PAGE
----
A vision of the urban tram’s future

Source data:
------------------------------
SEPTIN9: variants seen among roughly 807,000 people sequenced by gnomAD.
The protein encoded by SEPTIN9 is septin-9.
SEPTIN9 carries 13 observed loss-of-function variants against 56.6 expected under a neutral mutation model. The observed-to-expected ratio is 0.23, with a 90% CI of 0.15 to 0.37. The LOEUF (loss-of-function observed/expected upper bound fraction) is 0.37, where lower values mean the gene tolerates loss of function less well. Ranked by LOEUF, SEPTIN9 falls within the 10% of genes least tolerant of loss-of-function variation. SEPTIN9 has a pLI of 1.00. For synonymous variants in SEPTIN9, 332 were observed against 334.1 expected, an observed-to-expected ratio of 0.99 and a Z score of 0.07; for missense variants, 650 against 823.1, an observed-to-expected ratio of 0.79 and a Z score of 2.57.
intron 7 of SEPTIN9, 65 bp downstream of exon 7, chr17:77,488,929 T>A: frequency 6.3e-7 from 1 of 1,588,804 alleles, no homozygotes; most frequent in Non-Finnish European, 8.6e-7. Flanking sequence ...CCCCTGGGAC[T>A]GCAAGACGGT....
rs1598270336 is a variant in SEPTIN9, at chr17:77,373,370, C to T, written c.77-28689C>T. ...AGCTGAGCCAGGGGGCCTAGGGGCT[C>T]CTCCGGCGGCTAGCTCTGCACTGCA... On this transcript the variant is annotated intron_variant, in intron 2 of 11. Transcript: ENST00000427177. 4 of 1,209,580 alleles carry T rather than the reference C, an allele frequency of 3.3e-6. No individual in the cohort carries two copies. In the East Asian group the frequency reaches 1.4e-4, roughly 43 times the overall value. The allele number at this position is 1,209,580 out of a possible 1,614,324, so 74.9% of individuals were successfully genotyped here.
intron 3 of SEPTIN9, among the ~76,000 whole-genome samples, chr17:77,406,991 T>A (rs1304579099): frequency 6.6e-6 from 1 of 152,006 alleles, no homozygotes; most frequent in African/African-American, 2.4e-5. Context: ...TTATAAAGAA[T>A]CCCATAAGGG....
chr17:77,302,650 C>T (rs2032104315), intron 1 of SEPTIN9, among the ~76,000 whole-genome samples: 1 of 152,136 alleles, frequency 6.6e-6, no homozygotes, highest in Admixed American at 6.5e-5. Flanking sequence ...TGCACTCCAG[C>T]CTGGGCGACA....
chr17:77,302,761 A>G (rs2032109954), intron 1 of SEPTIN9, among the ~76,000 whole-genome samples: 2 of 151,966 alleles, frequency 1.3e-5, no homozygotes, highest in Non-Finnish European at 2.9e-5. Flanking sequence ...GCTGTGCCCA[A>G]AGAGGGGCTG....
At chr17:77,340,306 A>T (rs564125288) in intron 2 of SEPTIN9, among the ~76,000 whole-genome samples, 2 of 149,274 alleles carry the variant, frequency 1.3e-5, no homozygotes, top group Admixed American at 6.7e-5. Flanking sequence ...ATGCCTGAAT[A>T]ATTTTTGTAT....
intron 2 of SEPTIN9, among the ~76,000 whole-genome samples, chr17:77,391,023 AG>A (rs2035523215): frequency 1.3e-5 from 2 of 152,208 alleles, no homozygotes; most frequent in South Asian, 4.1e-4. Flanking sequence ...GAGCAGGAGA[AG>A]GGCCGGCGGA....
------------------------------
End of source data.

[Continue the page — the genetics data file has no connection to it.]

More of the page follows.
Imagine a modular autonomous tram with the ability to transport passengers during the day, easily converted into a freight carrier in the evening. Such a vision for the future was recently confirmed as the winner of the prestigious DESING+ (Industrial DESign + EngineerING Design) competition organised by the University of West Bohemia (UWB), Czech Republic. Now in its 18th year, the DESING+ challenge is designed to facilitate inter-faculty collaboration in the fields of construction, industrial design, healthcare and marketing to solve design tasks assigned by national and international companies. In 2022, six interdisciplinary teams consisting of 56 students from the UWB’s Faculty of Mechanical Engineering, the Ladislav Sutnar Faculty of Design and Art, th Faculty of Health Care Studies and the Faculty of Economics participated in the contest; almost 1400 UWB students have taken part since 2004. ‘No design limits’ Giving the student teams the freedom to work from a blank sheet of paper under the guidance of university lecturers and professional industrial mentors, the DESING+ project encourages a methodological approach to design, while at the same time allowing students to step out of their comfort zone. Škoda Group’s tram research and development department was involved as a consultant for students throughout the project. The presented technical proposals are therefore the result of the EDSM approach supported by collaboration with the client. In the mobility section assigned, supported and co-evaluated by Škoda Group, this year the theme was the ‘Dual Autonomous Tram’. This set the task of designing a light rail vehicle which could be employed for passenger transport, but also easily configurable for the delivery of pre-ordered packages. The...